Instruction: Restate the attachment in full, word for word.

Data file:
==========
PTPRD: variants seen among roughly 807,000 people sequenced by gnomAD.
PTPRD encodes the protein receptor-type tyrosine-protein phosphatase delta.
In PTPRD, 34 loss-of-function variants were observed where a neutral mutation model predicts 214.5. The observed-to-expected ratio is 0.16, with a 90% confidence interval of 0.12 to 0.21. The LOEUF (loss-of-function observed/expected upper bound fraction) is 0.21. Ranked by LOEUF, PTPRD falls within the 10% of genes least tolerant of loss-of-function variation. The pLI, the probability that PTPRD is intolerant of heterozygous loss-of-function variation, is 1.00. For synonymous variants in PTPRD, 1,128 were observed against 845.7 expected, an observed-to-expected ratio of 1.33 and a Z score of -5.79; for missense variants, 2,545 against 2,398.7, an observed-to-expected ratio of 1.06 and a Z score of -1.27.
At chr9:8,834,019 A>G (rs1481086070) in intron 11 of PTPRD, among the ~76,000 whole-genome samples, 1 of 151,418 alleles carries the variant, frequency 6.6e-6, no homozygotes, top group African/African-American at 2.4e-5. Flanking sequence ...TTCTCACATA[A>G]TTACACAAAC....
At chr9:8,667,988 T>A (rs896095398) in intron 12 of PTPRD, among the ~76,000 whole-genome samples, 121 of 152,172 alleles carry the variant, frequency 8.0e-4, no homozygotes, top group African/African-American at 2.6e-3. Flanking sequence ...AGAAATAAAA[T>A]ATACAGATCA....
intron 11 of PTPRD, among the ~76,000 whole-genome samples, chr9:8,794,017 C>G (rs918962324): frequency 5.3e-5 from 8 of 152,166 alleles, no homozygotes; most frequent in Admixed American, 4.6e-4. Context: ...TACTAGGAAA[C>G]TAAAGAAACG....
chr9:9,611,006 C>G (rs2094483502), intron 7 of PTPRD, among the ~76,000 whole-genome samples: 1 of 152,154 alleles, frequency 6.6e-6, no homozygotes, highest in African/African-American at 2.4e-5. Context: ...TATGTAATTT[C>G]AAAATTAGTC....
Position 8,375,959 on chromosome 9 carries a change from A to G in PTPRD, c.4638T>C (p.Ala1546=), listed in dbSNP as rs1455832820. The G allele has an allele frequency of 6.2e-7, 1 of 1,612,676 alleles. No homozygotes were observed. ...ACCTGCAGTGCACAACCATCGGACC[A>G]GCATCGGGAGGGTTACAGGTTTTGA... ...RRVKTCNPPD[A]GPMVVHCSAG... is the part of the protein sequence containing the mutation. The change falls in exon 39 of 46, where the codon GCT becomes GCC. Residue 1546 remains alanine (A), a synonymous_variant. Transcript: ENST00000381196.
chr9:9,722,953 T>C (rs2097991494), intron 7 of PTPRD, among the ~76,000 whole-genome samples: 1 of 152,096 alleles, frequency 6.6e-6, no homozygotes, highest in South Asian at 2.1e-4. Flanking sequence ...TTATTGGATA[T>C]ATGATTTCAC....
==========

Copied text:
PTPRD: variants seen among roughly 807,000 people sequenced by gnomAD.
PTPRD encodes the protein receptor-type tyrosine-protein phosphatase delta.
In PTPRD, 34 loss-of-function variants were observed where a neutral mutation model predicts 214.5. The observed-to-expected ratio is 0.16, with a 90% confidence interval of 0.12 to 0.21. The LOEUF (loss-of-function observed/expected upper bound fraction) is 0.21. Ranked by LOEUF, PTPRD falls within the 10% of genes least tolerant of loss-of-function variation. The pLI, the probability that PTPRD is intolerant of heterozygous loss-of-function variation, is 1.00. For synonymous variants in PTPRD, 1,128 were observed against 845.7 expected, an observed-to-expected ratio of 1.33 and a Z score of -5.79; for missense variants, 2,545 against 2,398.7, an observed-to-expected ratio of 1.06 and a Z score of -1.27.
At chr9:8,834,019 A>G (rs1481086070) in intron 11 of PTPRD, among the ~76,000 whole-genome samples, 1 of 151,418 alleles carries the variant, frequency 6.6e-6, no homozygotes, top group African/African-American at 2.4e-5. Flanking sequence ...TTCTCACATA[A>G]TTACACAAAC....
At chr9:8,667,988 T>A (rs896095398) in intron 12 of PTPRD, among the ~76,000 whole-genome samples, 121 of 152,172 alleles carry the variant, frequency 8.0e-4, no homozygotes, top group African/African-American at 2.6e-3. Flanking sequence ...AGAAATAAAA[T>A]ATACAGATCA....
intron 11 of PTPRD, among the ~76,000 whole-genome samples, chr9:8,794,017 C>G (rs918962324): frequency 5.3e-5 from 8 of 152,166 alleles, no homozygotes; most frequent in Admixed American, 4.6e-4. Context: ...TACTAGGAAA[C>G]TAAAGAAACG....
chr9:9,611,006 C>G (rs2094483502), intron 7 of PTPRD, among the ~76,000 whole-genome samples: 1 of 152,154 alleles, frequency 6.6e-6, no homozygotes, highest in African/African-American at 2.4e-5. Context: ...TATGTAATTT[C>G]AAAATTAGTC....
Position 8,375,959 on chromosome 9 carries a change from A to G in PTPRD, c.4638T>C (p.Ala1546=), listed in dbSNP as rs1455832820. The G allele has an allele frequency of 6.2e-7, 1 of 1,612,676 alleles. No homozygotes were observed. ...ACCTGCAGTGCACAACCATCGGACC[A>G]GCATCGGGAGGGTTACAGGTTTTGA... ...RRVKTCNPPD[A]GPMVVHCSAG... is the part of the protein sequence containing the mutation. The change falls in exon 39 of 46, where the codon GCT becomes GCC. Residue 1546 remains alanine (A), a synonymous_variant. Transcript: ENST00000381196.
chr9:9,722,953 T>C (rs2097991494), intron 7 of PTPRD, among the ~76,000 whole-genome samples: 1 of 152,096 alleles, frequency 6.6e-6, no homozygotes, highest in South Asian at 2.1e-4. Flanking sequence ...TTATTGGATA[T>C]ATGATTTCAC....